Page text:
Amanda and Donna, yes, the forsythia herald spring here.

Troutbirder and Elizabeth, thank you!

Carol, I just compared Google images to my wildflowers, and I believe you are correct about them being Jacob’s Ladder. Thanks so much for the ID! I do want to visit the Botanical Gardens, especially now that the lilacs are budding. Maybe next week if it isn’t too wet.

A Cuban In London said...

Thanks for that info, Sarah. Happy Mother's Day to you and to all the mothers who visit your blog! :-)

Greetings from London.

Nantucket Daffodil said...

Your garden is inspiring. I am so happy that things are finally blooming here in southeastern Mass as well

CommonWeeder said...

What beautiful photographs of your lovely flowers. Here in the higher elevations I am still waiting for real spring bloom I do have lots of violets in the lawn however.

Katie E-P said...

I love this! It is like a wildflower walk!

Sarah Laurence said...

ACIL, Nantucket Daffodil, thanks!

Common Weeder and Katie, welcome to my blog and thank you! I enjoyed your GBBD posts too. Katie, I could not comment on yours since you don’t have a google or open ID option.

kacky said...

Aaaahhhhh Forsythia. Makes me smile. (it does not grow here) Every time I see it (which is not often) I am reminded of Chicago- we got engaged there and the hotel lobby had a huge arrangement of them and we took several pictures in front of it and well, it reminds me of that. =0)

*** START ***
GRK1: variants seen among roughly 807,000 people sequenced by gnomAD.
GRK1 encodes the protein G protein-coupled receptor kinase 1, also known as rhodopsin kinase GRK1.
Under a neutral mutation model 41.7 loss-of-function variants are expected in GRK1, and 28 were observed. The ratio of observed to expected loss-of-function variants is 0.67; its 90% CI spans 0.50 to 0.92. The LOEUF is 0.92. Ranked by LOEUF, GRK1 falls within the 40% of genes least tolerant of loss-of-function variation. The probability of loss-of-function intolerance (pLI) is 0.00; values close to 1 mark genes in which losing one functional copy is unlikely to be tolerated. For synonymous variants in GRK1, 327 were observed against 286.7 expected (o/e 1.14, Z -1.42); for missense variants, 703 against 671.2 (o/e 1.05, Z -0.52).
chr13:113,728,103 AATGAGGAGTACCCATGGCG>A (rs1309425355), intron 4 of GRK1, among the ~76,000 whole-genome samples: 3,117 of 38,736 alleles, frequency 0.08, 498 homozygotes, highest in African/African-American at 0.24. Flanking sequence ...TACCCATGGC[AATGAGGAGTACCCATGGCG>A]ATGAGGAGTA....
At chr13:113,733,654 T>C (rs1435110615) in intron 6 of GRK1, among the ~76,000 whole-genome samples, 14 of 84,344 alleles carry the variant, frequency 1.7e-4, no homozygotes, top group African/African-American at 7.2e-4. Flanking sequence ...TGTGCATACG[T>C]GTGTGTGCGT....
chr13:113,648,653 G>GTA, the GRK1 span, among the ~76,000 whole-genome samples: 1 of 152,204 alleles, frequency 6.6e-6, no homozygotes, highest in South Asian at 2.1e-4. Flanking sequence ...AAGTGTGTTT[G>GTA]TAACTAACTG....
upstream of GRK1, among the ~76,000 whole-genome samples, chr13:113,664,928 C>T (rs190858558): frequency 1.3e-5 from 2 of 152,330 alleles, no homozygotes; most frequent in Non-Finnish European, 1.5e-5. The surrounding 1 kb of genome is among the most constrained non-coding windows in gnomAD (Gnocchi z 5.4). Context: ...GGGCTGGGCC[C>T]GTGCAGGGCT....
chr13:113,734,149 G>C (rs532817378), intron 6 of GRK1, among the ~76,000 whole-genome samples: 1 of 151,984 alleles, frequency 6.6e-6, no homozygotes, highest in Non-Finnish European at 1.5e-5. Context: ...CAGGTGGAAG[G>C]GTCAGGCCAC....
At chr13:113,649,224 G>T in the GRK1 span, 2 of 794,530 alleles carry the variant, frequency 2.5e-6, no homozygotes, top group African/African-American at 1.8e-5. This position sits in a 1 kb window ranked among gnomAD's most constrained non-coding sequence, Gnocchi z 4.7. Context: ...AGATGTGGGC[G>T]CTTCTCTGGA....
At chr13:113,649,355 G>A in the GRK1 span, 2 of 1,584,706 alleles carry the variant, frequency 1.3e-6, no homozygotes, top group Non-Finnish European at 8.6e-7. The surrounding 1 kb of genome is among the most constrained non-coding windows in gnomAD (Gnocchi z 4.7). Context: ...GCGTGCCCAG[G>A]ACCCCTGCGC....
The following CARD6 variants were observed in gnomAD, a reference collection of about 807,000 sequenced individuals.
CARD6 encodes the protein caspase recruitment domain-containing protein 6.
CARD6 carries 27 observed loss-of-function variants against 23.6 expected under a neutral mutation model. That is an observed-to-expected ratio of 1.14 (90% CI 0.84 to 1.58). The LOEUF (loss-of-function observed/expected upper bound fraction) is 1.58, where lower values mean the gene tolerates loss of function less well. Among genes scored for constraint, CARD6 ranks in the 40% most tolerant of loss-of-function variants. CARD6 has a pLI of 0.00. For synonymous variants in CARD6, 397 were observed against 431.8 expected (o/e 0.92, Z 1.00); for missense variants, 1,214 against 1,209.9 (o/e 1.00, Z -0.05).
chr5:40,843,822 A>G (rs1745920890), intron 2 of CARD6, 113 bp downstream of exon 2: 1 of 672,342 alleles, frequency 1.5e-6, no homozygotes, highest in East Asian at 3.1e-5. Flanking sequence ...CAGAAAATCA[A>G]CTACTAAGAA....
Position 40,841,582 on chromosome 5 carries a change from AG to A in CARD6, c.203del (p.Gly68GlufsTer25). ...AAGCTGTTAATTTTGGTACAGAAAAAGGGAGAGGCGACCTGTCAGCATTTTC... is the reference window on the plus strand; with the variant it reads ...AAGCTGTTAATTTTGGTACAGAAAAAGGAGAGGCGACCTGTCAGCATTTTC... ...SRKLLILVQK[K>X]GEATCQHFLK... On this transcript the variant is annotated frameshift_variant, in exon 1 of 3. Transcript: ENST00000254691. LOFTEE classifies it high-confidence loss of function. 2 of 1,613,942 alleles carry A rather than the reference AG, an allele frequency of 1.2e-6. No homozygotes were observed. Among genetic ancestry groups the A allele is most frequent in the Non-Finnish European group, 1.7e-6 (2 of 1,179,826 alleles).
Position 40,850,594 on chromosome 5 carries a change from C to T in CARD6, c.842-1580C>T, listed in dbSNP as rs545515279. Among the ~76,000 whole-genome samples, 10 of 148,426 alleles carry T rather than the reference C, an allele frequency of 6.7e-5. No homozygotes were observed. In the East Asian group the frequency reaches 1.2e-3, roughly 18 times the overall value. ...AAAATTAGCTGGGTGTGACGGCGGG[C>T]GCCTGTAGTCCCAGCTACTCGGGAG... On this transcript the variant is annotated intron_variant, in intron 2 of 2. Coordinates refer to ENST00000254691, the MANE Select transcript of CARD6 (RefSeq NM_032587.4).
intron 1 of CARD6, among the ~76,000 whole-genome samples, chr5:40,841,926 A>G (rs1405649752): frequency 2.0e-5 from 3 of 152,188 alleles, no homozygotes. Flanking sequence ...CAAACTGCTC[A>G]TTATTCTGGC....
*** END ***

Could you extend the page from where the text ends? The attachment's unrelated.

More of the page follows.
The wild Violets are so pretty! I don't think we have those here either! I love seeing blooms from other regions!

Petra said...

Jacob's Ladder... what an inspiring name for a flower. I really admire it. :-)

The last azalea looks wonderful. I have two azaleas in my garden - yellow and red - and every year they look better having more flowers and being grown a bit higher and wider. I also have Forsythia, this bush is quite popular here. I found a shoot entangled in the fence and didn't want to throw it away so now it has its place inside the garden and I'm glad to have kept it.

Cat said...

Yay that spring has sprung in your sweet corner of the world. It all looks so lush and colorful. I imagine you're finding lots of inspiration for painting. Happy GBBD, Sarah.

cynthia said...

I love Forsythia yellow, especially right next to a purple tree I don't know the name of. And it's almost summer here in Georgia--highs in the 80's this week.

bookworm said...

Your photos are wonderful. And since most of these plants have already bloomed where I live in upstate NY (well, not lowbush blueberries, which we don't have) it's like reliving spring all over again. Thank you for sharing.

Sarah Laurence said...

Kacky, how romantic!

Petra, Jacob Ladder gets its name from the ladder like leaf structure.

Cat, it’s too wet to paint watercolors now, but I’ll be out there once the sun returns.

Cynthia, purple and yellow are complementary colors. It would be striking. It’s still mostly 60’s in Maine but we hit 70s recently.

Bookworm, welcome to my blog and thank you! We do seems to have much in common. I enjoyed visiting your blog too.

la.p pessoa said...

ohh... they all are so so beautiful! And I love the photos!

Sarah Laurence said...

la.p, welcome to my blog and thank you!